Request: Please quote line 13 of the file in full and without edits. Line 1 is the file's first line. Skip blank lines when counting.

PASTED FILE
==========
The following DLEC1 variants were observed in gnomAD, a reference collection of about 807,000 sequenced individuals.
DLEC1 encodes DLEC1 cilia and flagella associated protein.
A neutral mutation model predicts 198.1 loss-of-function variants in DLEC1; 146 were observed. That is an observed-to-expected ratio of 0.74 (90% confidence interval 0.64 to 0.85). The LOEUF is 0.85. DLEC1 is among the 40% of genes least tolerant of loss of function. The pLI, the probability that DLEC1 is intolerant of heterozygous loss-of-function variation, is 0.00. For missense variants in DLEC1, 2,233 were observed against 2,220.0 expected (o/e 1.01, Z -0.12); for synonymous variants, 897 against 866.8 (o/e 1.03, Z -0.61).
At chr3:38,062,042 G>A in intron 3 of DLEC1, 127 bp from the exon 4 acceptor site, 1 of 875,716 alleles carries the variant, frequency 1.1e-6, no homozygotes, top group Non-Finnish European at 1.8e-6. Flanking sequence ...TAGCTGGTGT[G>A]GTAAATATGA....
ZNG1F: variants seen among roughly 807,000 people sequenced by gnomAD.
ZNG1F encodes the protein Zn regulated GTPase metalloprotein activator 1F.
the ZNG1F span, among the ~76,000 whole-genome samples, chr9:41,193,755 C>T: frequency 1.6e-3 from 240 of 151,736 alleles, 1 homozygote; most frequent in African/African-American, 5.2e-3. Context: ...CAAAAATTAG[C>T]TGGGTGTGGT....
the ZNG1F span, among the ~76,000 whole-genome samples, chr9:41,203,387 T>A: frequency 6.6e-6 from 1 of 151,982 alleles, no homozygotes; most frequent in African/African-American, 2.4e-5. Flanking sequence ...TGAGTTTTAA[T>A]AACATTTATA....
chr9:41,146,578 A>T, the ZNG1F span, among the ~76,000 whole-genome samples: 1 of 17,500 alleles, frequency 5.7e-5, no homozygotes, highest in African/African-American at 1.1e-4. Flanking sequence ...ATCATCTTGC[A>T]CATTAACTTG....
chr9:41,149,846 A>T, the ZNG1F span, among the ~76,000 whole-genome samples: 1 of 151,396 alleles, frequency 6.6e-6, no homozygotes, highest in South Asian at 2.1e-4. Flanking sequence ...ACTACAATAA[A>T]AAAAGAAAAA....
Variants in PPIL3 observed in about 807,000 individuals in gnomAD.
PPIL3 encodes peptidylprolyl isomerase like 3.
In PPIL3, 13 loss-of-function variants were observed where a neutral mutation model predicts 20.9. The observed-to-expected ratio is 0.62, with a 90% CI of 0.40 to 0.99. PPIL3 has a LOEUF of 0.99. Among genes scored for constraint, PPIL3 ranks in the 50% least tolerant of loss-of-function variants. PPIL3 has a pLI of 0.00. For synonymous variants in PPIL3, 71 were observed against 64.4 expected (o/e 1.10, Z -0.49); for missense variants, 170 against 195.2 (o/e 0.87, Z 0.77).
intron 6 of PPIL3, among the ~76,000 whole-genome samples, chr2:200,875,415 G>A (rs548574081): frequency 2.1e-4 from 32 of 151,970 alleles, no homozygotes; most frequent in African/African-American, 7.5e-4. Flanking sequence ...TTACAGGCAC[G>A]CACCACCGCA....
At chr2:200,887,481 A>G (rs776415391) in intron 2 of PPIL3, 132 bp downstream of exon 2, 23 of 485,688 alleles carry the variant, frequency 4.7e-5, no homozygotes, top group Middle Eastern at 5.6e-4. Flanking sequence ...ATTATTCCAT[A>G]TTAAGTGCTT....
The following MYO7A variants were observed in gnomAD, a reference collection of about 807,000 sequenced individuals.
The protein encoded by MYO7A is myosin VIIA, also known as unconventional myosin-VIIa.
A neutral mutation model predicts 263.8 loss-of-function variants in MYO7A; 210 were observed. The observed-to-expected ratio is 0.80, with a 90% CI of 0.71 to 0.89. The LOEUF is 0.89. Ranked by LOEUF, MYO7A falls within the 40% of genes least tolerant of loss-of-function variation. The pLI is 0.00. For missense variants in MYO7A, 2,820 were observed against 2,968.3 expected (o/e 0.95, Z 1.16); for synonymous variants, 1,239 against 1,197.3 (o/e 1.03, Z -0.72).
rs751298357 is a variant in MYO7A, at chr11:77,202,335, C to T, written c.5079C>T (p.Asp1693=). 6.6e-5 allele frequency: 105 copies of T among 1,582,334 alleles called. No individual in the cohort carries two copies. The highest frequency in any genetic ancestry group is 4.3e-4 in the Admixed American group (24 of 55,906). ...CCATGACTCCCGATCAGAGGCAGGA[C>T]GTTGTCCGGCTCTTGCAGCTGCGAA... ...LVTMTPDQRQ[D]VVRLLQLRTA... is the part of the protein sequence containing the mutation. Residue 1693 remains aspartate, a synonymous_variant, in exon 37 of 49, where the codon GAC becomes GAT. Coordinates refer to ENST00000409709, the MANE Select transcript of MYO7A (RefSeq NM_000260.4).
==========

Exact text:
In PPIL3, 13 loss-of-function variants were observed where a neutral mutation model predicts 20.9. The observed-to-expected ratio is 0.62, with a 90% CI of 0.40 to 0.99. PPIL3 has a LOEUF of 0.99. Among genes scored for constraint, PPIL3 ranks in the 50% least tolerant of loss-of-function variants. PPIL3 has a pLI of 0.00. For synonymous variants in PPIL3, 71 were observed against 64.4 expected (o/e 1.10, Z -0.49); for missense variants, 170 against 195.2 (o/e 0.87, Z 0.77).